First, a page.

Kiley Molina's house sits in the woods, and her dragon is like a second house that moves among the trees. It's hard to say what it looks like, this dragon. Lion, serpent, crocodile, bat? A dragon is never one thing.
I can't divulge much more about Kiley Molina. Strictly speaking, she's a painter. Also, she is beautiful. Briefly, we were lovers. In my mind, we fell in love. I met her at the opening of her most recent gallery exhibition—met her and wanted her. This had a lot to do with her work, which, like Kiley and her dragon, wasn't forthcoming. The paintings drew me. I'd describe them as gestural, abstract expressionism, large-scale, layered, hectic, dynamic. They're curiously named. A swath of triangles, like an arrowed tail in motion, in shades of blue against a yellow nightmare: Still Life. Egglike ovals unraveling, disgorging: Immunity. Names like disguises; at least so I gathered. Kiley Molina doesn't encourage questions about her work—or herself, for that matter. Neither do I, in case you're wondering.
If Kiley hadn't been familiar with my paintings, if she hadn't experienced my work's prevarications, if my reputation as a recluse hadn't preceded me—if, in short, she hadn't known me as her kind—I never would have learned of her dragon, for I never would have found myself in her house in the woods, where the sun sets in the trees like a yawning mouth of fire and the night falls, soft, deep, nestling, like peace under a fluffed wing.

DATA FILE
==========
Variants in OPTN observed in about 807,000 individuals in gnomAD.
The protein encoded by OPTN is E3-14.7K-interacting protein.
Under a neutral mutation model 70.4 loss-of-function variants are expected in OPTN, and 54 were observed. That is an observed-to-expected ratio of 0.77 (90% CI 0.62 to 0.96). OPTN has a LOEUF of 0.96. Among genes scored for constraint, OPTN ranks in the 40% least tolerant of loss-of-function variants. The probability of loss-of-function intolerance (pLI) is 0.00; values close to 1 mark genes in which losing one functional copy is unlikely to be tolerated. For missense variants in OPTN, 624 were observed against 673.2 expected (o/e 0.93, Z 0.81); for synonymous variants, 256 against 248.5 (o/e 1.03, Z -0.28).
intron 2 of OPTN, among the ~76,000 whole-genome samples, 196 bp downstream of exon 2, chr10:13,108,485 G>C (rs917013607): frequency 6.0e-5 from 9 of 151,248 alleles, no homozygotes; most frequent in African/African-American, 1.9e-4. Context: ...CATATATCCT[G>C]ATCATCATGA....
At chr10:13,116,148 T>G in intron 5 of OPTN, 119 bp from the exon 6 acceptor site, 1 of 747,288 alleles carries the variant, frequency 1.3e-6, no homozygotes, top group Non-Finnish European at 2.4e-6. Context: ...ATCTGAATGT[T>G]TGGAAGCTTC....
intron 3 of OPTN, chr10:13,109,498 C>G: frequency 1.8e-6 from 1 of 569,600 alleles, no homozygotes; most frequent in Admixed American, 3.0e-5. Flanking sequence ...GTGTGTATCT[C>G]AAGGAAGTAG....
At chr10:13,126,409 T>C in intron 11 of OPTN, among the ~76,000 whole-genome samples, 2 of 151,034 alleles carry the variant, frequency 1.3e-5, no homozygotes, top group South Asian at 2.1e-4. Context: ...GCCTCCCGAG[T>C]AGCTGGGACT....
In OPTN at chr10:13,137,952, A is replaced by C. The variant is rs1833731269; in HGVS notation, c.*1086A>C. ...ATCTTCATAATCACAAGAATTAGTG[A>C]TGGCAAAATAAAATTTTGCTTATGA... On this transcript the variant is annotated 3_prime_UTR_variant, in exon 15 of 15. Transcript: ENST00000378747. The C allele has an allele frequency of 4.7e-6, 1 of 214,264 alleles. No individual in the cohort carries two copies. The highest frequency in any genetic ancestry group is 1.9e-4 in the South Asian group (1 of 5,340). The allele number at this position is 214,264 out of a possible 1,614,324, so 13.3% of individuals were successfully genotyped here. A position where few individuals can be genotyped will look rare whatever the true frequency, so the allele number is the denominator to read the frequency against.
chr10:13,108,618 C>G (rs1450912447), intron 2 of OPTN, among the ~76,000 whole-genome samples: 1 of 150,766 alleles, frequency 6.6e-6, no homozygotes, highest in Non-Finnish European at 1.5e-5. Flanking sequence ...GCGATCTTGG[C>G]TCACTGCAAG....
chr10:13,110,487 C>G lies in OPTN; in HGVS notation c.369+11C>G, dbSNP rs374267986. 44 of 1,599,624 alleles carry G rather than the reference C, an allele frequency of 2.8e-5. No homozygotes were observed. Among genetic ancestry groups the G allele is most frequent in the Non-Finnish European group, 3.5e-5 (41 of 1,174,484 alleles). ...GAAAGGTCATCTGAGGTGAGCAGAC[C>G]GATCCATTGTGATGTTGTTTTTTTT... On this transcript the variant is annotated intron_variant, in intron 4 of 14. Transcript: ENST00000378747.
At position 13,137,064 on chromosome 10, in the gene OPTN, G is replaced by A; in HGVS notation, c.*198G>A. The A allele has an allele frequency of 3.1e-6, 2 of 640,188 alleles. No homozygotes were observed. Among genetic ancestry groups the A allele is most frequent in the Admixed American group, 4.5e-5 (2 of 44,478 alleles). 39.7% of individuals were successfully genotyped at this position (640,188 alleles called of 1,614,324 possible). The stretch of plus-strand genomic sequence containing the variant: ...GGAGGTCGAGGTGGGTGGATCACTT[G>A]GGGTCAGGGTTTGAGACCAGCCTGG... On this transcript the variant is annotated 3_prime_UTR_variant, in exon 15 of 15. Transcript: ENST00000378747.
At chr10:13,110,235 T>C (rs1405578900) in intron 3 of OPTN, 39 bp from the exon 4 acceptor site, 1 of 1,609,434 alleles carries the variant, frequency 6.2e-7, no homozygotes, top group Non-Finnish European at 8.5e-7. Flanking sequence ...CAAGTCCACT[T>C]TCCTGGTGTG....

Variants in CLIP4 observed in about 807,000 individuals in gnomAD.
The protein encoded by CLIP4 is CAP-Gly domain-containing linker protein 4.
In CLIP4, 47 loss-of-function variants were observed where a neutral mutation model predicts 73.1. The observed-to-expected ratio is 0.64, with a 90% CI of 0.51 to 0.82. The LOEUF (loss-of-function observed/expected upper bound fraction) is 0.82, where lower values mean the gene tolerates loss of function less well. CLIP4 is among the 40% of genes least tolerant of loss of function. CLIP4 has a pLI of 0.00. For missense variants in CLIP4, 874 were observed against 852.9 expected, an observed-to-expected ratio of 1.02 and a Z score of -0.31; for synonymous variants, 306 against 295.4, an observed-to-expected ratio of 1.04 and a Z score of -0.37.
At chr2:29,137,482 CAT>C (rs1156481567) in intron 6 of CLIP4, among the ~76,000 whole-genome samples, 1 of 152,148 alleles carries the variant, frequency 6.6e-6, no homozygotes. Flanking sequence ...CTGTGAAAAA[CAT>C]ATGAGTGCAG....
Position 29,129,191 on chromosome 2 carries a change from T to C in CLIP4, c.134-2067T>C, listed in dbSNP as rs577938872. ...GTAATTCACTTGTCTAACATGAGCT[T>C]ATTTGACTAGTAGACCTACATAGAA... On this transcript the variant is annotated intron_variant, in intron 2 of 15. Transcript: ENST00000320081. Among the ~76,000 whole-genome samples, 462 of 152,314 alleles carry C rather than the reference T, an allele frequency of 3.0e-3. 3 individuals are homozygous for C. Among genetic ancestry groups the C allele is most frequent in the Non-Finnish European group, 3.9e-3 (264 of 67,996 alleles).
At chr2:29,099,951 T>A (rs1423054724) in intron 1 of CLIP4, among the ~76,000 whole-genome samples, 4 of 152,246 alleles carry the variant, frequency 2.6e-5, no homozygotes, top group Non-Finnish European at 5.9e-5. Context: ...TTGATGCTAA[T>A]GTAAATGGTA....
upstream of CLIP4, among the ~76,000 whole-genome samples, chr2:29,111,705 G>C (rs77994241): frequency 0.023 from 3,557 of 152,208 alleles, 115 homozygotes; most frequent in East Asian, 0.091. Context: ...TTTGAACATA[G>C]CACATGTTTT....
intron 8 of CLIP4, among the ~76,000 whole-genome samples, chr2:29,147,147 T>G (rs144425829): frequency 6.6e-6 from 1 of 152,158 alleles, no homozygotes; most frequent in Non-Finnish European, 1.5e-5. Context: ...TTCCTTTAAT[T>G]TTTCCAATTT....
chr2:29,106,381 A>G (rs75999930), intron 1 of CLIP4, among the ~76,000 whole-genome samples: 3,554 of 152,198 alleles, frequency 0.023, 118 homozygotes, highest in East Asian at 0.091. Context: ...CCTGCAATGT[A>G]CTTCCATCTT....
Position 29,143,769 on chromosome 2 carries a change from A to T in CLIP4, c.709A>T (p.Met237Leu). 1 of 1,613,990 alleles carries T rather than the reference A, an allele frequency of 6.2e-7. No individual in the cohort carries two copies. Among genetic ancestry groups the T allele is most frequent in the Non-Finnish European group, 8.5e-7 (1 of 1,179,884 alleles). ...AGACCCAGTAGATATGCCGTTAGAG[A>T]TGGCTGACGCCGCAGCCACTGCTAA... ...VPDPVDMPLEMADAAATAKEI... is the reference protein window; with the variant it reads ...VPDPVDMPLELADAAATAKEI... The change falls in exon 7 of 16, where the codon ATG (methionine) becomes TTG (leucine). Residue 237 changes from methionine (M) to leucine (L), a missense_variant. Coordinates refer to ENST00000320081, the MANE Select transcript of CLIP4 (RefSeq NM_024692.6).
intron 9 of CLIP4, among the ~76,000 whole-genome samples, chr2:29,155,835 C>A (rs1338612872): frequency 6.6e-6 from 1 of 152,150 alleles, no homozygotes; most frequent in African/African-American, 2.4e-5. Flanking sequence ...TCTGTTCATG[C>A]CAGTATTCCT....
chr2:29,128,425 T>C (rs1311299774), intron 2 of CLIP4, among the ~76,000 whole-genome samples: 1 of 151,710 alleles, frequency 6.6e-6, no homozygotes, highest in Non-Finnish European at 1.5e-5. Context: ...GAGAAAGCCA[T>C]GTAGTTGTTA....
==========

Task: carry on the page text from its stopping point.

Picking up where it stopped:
"What is that?" I asked my first evening there, standing at an inky window, my startled reflection plain. The sound of wind and roar, pant and prowl curled around the house. Moonlight caught a ripple of color, the iridescence of enormous scales.
"You hear her, too," Kiley said, surprised.
"Her." Kiley's reflection joined mine, but her smile was distant; her expression, closed. "I'm reluctant to say."
"She isn't bad."
Then I was reluctant to say more, too, and afraid to pose questions, not because of what was out there, but because of what was inside: our togetherness, as tenuous as it was desirable. I wasn't about to risk it, not even to find out more about a fabulous marvel.
My reticence seemed to please her. I got the impression I'd passed a test.
Armored people who engage in an affair do so cautiously. There are rules. I could lick the scar on the small of her back but couldn't ask how she'd gotten it. I could explore her in her bed but couldn't ask to sleep there with her. I could tell she wept after she came but couldn't ask why.
Away from her, I wasn't restrained. I needed to know more and am embarrassed to confess I researched her furtively, like a teenager poring over every article about her favorite celebrity. I discovered few facts but came across plenty of gossip—unkind conjecture, characterizing Kiley as an embodiment of excess, an artist who drinks too much, eats too little, hates the world, hates herself. "A wraith of sadness." "A fury of need." "Just look at her work. It's all there." She's awful, her admirers seemed to agree on so many sites. Awful, awful.
Well, they are full of awe, I thought.
Strange how a fan's adoration can dwell so snugly by hate. The wisp of a boundary is jealousy, I guess. Kiley's talent aggravates people. She cuts a hot swath wherever she goes, and her brilliance invites enmity, as does her unwillingness to engage. The public doesn't merely want her creations. It craves her, a measure of meat. I've also felt the knife. I'm not as famous as Kiley, but my work's out there. That's earned me some incisive attention.
I once believed my vulnerability married me to Kiley. I wish it had.
Nobody else knows about her dragon. That's a secret, one Kiley and I share. There's intimacy in that. I cling to it.
Kiley was sorry to break up with me. She cried. I cried, too. I wanted to refuse, argue, beg. I didn't. I left. Now that I'm alone and miserable, I think about how and why she pushed me away. Maybe I shouldn't have loved her so unguardedly. She might have decided I was too much like her legions of admirers: an imminent threat.